RICHMOND, Va. – Just a little over a month ago, the area around Richmond's iconic statue of Confederate Gen. Robert E. Lee was as quiet and sedate as the statue itself.
But since the May 25 police killing of George Floyd in Minneapolis, the area has been transformed into a bustling hub of activity for demonstrators protesting against police brutality and racism.
The giant concrete pedestal of the statue is now covered by colorful graffiti, with many of the hand-painted messages denouncing police and demanding an end to systemic racism and inequality. Clashes between police and protesters gathered near the statue have become a regular occurrence.
In response to the protests, Virginia Gov. Ralph Northam has pledged to take down the statue. But its removal has been at least temporarily blocked by a lawsuit, one of several complaints filed by people who want the monument to stay where it has stood since it was erected in 1890 in this former capital of the Confederacy.
The statue is located on Richmond’s Monument Avenue, a boulevard of stately homes that also features several other Confederate monuments targeted for removal.
On Wednesday and Thursday, work crews used giant cranes, harnesses and power tools to remove imposing statues of Gen. Stonewall Jackson and Navy officer Matthew Fontaine Maury from their pedestals as hundreds of onlookers cheered. The statues were taken away after Mayor Levar Stoney ordered the immediate removal of all Confederate monuments from city land.
Several dozen Confederate symbols have been removed from public land in the U.S. in the five weeks since the death of George Floyd at the hands of police sparked a nationwide protest movement.
At the Lee statue, a new vibe has emerged alongside the raucous atmosphere of protests, one that is more reminiscent of the hippie love and peace festivals of the 1960s. Each day, hundreds of people of all ages and races visit the statue, located on a busy traffic circle and surrounded by grass.
A barbecue grill cooks up hot dogs and burgers, while signs direct visitors to free snacks and drinks. Children play at a basketball hoop. Volunteers at a voter registration table urge people to get involved. Music is heard blasting from cars parked on nearby streets. A T-shirt decorating table gives visitors a chance to express themselves.
“There’s just a feeling of community and family. All around the circle, you have all different people coming around and doing different things. It’s really inspiring,” said Joseph Rogers, a descendant of slaves and an organizer with Virginia Defenders for Freedom, Justice and Equality, a volunteer organization that works on social justice issues.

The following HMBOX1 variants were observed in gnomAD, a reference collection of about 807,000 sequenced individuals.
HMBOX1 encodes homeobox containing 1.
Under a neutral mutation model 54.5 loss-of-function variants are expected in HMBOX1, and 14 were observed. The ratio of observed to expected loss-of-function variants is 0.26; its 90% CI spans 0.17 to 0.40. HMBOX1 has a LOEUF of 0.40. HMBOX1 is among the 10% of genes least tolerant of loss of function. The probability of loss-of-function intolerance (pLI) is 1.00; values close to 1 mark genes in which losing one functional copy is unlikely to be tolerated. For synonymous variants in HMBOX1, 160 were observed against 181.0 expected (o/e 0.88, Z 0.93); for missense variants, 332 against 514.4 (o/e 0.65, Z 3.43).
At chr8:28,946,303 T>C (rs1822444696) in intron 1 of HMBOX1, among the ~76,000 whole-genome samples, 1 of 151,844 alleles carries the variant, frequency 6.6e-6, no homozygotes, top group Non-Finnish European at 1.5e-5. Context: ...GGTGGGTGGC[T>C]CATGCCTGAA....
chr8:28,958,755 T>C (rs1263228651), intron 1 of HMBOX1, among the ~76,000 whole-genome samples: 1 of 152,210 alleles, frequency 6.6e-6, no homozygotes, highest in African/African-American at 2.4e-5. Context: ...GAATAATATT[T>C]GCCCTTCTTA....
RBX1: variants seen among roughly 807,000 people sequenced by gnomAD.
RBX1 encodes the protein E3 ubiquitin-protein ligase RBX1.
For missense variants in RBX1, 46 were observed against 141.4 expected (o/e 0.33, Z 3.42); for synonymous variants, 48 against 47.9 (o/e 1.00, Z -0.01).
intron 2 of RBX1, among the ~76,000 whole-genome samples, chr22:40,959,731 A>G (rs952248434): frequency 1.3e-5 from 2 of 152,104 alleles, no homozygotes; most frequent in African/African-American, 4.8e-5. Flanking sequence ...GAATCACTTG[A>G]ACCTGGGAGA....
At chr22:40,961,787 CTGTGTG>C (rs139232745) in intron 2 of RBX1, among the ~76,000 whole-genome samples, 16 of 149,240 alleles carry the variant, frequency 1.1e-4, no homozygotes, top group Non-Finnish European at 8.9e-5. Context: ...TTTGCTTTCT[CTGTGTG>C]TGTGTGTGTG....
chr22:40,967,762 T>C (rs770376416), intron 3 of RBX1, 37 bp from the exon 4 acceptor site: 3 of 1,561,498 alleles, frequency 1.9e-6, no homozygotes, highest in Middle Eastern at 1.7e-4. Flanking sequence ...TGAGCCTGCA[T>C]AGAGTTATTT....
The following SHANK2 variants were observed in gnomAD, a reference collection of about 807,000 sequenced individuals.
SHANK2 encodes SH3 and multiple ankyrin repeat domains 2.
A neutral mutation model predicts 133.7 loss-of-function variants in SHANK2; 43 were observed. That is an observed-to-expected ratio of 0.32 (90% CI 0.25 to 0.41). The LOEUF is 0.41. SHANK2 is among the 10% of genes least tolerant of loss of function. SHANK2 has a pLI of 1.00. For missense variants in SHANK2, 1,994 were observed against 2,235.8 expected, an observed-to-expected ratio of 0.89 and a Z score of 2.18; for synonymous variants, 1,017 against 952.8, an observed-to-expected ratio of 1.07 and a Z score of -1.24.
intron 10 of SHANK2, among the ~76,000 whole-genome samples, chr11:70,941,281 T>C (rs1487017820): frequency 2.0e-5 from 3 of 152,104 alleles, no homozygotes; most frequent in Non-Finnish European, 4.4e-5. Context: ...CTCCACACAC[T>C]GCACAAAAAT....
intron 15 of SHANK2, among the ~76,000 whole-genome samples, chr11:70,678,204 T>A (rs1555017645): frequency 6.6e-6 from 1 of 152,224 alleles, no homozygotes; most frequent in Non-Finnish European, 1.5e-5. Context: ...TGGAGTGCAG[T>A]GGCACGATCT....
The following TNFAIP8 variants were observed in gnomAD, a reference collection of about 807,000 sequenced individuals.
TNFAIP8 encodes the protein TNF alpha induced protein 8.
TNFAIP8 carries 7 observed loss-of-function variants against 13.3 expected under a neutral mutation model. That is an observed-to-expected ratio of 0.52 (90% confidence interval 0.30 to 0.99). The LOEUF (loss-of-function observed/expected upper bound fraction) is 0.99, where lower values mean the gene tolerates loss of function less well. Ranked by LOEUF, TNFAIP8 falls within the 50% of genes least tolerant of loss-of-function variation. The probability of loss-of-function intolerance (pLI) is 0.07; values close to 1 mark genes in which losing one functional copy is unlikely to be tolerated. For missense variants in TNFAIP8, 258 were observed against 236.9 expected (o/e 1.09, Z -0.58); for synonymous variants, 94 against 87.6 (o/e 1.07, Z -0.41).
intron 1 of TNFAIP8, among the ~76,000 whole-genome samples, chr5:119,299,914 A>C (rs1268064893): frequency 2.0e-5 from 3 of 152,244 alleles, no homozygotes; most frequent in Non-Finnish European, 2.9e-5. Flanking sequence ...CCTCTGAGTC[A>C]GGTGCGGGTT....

Some meet here to begin a daily protest march; others come to gawk and take selfies. Still others come to see a piece of history while they still can.
Lance Jennings, 18, made the 40-minute drive to Richmond with his family right after his high school graduation in King William, Virginia, because he wanted to get his photo taken in front of the statue.
“It was like people were hanging out at a park. It was so peaceful,” he said, adding later, "If it’s like that and people can sit out there and there’s no trouble, it should be a sign to people. It’s very important to Black people and to people who believe that every life matters. They’ll see people are not just out there trying to destroy everything.”
Lorenzo Nicholson and his wife tried to make a visit to the statue on a recent weekday afternoon a teachable moment for their three young boys. Nicholson said the whole family was moved by the stories of Black people killed by police. Some of those stories are reflected on laminated signs and photos that form a circle around the statue, where visitors regularly leave flowers, candles and other trinkets to honor the memory of those who died.
“All of these pictures you're seeing around the statue: It's about their lives and the injustice that has occurred,” he said. “You can't be human and not feel this.”
Nighttime gatherings near the statue have been more volatile, as protesters have clashed with police using tear gas, pepper spray and rubber bullets. Police say they have been repeatedly attacked by protesters throwing bottles, bricks and other objects.
A group of civilian volunteers armed with handguns and rifles has been patrolling the area near the statue to keep protesters safe. The Richmond Times-Dispatch reports that members of the security force communicate on walkie-talkies and sometimes identify themselves with code names.
Hand-painted messages cover concrete barriers that were put in place after protesters toppled several other Confederate statues and state officials became concerned that people could get hurt if they tried to do the same with the 12-ton (11-metric-ton) Lee statue. Many of the graffiti messages contain profanity and are strong condemnations of police. But other messages are more mellow. “Love Wins,” reads one message painted inside a heart. “No More Hate,” reads another.
“I don’t necessarily agree with defacing property, but it’s an expression of their anger,” Nicholson said. “At the end of the day, it is in a way bringing people together from all backgrounds for a cause they're very passionate about.”